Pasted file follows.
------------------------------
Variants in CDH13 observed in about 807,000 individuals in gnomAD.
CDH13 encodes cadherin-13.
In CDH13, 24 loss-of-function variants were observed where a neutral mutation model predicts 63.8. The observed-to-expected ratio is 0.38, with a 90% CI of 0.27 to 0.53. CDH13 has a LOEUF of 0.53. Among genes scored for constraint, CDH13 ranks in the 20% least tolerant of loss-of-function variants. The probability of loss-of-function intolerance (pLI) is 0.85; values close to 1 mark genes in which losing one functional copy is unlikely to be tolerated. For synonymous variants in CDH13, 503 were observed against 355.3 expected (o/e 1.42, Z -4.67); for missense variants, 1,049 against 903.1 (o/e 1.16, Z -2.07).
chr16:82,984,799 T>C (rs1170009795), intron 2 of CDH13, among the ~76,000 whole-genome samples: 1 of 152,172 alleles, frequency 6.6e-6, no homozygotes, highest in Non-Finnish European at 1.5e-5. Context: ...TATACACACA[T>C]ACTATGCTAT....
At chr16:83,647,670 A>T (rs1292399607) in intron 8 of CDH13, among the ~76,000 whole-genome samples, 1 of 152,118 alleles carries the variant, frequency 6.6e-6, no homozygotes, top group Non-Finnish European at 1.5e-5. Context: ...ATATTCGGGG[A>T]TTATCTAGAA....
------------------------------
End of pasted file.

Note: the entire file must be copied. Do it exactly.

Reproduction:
Variants in CDH13 observed in about 807,000 individuals in gnomAD.
CDH13 encodes cadherin-13.
In CDH13, 24 loss-of-function variants were observed where a neutral mutation model predicts 63.8. The observed-to-expected ratio is 0.38, with a 90% CI of 0.27 to 0.53. CDH13 has a LOEUF of 0.53. Among genes scored for constraint, CDH13 ranks in the 20% least tolerant of loss-of-function variants. The probability of loss-of-function intolerance (pLI) is 0.85; values close to 1 mark genes in which losing one functional copy is unlikely to be tolerated. For synonymous variants in CDH13, 503 were observed against 355.3 expected (o/e 1.42, Z -4.67); for missense variants, 1,049 against 903.1 (o/e 1.16, Z -2.07).
chr16:82,984,799 T>C (rs1170009795), intron 2 of CDH13, among the ~76,000 whole-genome samples: 1 of 152,172 alleles, frequency 6.6e-6, no homozygotes, highest in Non-Finnish European at 1.5e-5. Context: ...TATACACACA[T>C]ACTATGCTAT....
At chr16:83,647,670 A>T (rs1292399607) in intron 8 of CDH13, among the ~76,000 whole-genome samples, 1 of 152,118 alleles carries the variant, frequency 6.6e-6, no homozygotes, top group Non-Finnish European at 1.5e-5. Context: ...ATATTCGGGG[A>T]TTATCTAGAA....